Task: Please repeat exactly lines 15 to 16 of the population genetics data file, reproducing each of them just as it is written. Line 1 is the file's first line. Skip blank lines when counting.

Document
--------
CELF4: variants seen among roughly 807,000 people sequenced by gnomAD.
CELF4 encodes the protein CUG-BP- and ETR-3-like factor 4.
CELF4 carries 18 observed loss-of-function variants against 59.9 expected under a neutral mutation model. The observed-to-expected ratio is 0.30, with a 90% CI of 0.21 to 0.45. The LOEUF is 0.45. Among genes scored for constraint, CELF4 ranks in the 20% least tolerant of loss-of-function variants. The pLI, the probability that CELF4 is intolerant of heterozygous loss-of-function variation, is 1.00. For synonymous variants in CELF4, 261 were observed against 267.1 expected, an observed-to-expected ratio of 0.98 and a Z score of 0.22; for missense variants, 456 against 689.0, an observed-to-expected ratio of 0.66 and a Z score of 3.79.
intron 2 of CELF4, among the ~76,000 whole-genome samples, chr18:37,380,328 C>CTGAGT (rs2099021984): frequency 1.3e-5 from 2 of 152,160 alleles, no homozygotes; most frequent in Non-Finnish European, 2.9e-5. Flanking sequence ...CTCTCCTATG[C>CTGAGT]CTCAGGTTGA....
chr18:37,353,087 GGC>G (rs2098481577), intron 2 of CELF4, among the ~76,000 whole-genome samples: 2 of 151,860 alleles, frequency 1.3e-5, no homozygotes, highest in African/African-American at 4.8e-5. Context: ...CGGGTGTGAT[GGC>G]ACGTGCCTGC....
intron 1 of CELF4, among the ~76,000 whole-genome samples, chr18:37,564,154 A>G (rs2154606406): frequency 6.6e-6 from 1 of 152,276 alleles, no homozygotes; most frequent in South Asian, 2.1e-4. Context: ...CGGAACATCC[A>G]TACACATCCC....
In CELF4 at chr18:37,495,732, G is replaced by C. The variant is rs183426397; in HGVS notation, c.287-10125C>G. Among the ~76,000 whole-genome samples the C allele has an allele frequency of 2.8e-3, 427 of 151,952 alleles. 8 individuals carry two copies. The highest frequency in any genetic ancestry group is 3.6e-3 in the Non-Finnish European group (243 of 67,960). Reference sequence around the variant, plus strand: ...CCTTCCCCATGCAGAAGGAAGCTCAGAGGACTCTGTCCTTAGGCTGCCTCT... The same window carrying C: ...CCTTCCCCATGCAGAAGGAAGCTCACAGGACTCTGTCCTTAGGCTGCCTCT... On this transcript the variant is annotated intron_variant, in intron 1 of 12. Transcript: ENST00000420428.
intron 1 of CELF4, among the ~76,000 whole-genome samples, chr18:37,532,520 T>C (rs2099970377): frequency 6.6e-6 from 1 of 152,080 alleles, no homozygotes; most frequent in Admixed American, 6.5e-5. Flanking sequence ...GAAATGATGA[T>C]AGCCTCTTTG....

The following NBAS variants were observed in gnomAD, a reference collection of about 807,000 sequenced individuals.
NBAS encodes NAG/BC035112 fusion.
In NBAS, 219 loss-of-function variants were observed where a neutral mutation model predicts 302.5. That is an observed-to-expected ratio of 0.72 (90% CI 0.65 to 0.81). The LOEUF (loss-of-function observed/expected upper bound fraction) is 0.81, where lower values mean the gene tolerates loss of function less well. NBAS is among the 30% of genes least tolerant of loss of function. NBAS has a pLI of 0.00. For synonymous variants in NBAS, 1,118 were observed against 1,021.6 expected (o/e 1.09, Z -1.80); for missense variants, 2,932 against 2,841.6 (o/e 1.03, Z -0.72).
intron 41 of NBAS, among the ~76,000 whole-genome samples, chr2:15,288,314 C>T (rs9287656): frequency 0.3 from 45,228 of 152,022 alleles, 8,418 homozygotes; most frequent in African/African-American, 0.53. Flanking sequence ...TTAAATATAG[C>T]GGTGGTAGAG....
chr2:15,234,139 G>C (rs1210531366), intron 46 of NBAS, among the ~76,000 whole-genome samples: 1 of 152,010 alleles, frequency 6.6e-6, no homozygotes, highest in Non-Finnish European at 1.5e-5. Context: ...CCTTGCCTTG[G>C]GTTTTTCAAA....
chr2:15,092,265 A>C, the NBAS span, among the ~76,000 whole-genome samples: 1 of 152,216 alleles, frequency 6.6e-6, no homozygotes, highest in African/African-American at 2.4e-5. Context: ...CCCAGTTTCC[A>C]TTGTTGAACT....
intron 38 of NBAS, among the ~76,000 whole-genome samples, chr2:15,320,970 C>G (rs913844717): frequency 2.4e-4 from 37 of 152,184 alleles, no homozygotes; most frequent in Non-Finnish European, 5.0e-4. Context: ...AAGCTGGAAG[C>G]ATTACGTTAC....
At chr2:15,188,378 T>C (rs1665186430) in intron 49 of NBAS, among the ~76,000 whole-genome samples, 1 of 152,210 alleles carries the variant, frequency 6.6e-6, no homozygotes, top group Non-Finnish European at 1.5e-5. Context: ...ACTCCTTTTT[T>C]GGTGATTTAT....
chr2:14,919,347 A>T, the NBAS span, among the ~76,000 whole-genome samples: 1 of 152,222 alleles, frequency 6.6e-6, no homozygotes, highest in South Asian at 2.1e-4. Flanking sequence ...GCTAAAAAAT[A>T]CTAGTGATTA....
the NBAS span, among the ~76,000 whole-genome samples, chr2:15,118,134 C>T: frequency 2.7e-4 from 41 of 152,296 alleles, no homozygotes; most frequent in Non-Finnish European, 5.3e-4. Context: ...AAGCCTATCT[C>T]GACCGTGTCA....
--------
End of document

intron 38 of NBAS, among the ~76,000 whole-genome samples, chr2:15,320,970 C>G (rs913844717): frequency 2.4e-4 from 37 of 152,184 alleles, no homozygotes; most frequent in Non-Finnish European, 5.0e-4. Context: ...AAGCTGGAAG[C>G]ATTACGTTAC....
At chr2:15,188,378 T>C (rs1665186430) in intron 49 of NBAS, among the ~76,000 whole-genome samples, 1 of 152,210 alleles carries the variant, frequency 6.6e-6, no homozygotes, top group Non-Finnish European at 1.5e-5. Context: ...ACTCCTTTTT[T>C]GGTGATTTAT....